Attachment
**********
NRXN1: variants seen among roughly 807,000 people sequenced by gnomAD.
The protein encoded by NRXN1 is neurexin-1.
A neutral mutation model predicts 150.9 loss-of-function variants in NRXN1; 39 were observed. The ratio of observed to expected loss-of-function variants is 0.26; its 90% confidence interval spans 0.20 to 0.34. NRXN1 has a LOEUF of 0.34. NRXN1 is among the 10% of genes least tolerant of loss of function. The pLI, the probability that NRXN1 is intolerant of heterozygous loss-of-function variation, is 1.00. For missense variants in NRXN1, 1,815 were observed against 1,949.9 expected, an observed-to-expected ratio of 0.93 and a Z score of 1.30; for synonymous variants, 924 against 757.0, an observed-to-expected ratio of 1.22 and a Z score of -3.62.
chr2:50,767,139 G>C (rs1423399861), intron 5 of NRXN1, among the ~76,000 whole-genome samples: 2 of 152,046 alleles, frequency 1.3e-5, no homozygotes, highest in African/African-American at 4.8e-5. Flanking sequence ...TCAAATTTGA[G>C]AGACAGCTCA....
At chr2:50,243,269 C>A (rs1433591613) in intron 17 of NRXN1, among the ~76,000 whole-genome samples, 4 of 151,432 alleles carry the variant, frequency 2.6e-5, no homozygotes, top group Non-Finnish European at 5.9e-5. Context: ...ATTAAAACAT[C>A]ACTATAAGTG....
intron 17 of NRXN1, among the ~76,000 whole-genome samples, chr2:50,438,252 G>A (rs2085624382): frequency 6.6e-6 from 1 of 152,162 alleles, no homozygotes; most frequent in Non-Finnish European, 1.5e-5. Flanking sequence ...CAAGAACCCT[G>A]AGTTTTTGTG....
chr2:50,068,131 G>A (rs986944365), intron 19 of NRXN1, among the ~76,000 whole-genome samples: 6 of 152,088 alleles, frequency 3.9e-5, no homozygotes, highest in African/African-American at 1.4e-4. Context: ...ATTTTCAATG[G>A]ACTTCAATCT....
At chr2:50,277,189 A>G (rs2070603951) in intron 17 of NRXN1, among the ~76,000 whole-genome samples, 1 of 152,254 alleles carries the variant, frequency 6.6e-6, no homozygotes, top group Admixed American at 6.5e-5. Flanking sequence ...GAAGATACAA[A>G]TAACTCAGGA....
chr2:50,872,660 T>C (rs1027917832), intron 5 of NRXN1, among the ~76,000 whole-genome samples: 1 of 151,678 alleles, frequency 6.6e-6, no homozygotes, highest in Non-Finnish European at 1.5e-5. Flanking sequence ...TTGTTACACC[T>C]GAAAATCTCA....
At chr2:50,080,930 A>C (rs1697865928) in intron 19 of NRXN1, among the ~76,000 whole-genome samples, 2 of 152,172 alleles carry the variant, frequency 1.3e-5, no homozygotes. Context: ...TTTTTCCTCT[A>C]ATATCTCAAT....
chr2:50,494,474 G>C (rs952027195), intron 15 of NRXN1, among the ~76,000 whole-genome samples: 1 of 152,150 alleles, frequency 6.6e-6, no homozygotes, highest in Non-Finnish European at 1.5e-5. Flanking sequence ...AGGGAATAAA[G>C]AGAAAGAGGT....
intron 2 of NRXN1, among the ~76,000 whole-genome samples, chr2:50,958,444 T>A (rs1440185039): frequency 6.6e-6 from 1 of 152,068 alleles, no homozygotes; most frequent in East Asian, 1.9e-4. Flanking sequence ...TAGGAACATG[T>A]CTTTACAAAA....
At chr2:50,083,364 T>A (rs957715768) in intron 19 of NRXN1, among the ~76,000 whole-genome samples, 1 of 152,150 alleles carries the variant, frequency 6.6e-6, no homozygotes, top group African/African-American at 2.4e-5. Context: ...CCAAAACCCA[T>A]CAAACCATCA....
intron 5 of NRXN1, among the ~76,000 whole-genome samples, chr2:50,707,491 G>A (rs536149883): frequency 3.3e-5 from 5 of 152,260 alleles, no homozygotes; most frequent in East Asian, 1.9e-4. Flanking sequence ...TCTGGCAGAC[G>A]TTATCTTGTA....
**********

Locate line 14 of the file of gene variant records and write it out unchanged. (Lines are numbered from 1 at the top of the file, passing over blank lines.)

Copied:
intron 5 of NRXN1, among the ~76,000 whole-genome samples, chr2:50,707,491 G>A (rs536149883): frequency 3.3e-5 from 5 of 152,260 alleles, no homozygotes; most frequent in East Asian, 1.9e-4. Flanking sequence ...TCTGGCAGAC[G>A]TTATCTTGTA....